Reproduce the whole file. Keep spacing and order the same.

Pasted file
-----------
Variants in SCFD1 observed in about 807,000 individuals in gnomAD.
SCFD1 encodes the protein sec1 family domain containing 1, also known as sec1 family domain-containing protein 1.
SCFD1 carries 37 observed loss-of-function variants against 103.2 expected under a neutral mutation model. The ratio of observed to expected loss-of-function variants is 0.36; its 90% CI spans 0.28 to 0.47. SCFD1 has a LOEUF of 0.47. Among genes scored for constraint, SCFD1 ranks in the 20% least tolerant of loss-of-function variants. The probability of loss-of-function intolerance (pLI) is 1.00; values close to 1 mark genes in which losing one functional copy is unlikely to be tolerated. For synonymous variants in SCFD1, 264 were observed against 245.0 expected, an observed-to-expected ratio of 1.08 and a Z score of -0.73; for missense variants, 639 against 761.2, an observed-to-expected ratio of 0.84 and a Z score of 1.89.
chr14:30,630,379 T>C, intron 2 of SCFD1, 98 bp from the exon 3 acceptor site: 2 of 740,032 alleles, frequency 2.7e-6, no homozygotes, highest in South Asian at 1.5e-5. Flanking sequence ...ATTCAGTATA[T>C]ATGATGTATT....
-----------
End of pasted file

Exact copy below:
Variants in SCFD1 observed in about 807,000 individuals in gnomAD.
SCFD1 encodes the protein sec1 family domain containing 1, also known as sec1 family domain-containing protein 1.
SCFD1 carries 37 observed loss-of-function variants against 103.2 expected under a neutral mutation model. The ratio of observed to expected loss-of-function variants is 0.36; its 90% CI spans 0.28 to 0.47. SCFD1 has a LOEUF of 0.47. Among genes scored for constraint, SCFD1 ranks in the 20% least tolerant of loss-of-function variants. The probability of loss-of-function intolerance (pLI) is 1.00; values close to 1 mark genes in which losing one functional copy is unlikely to be tolerated. For synonymous variants in SCFD1, 264 were observed against 245.0 expected, an observed-to-expected ratio of 1.08 and a Z score of -0.73; for missense variants, 639 against 761.2, an observed-to-expected ratio of 0.84 and a Z score of 1.89.
chr14:30,630,379 T>C, intron 2 of SCFD1, 98 bp from the exon 3 acceptor site: 2 of 740,032 alleles, frequency 2.7e-6, no homozygotes, highest in South Asian at 1.5e-5. Flanking sequence ...ATTCAGTATA[T>C]ATGATGTATT....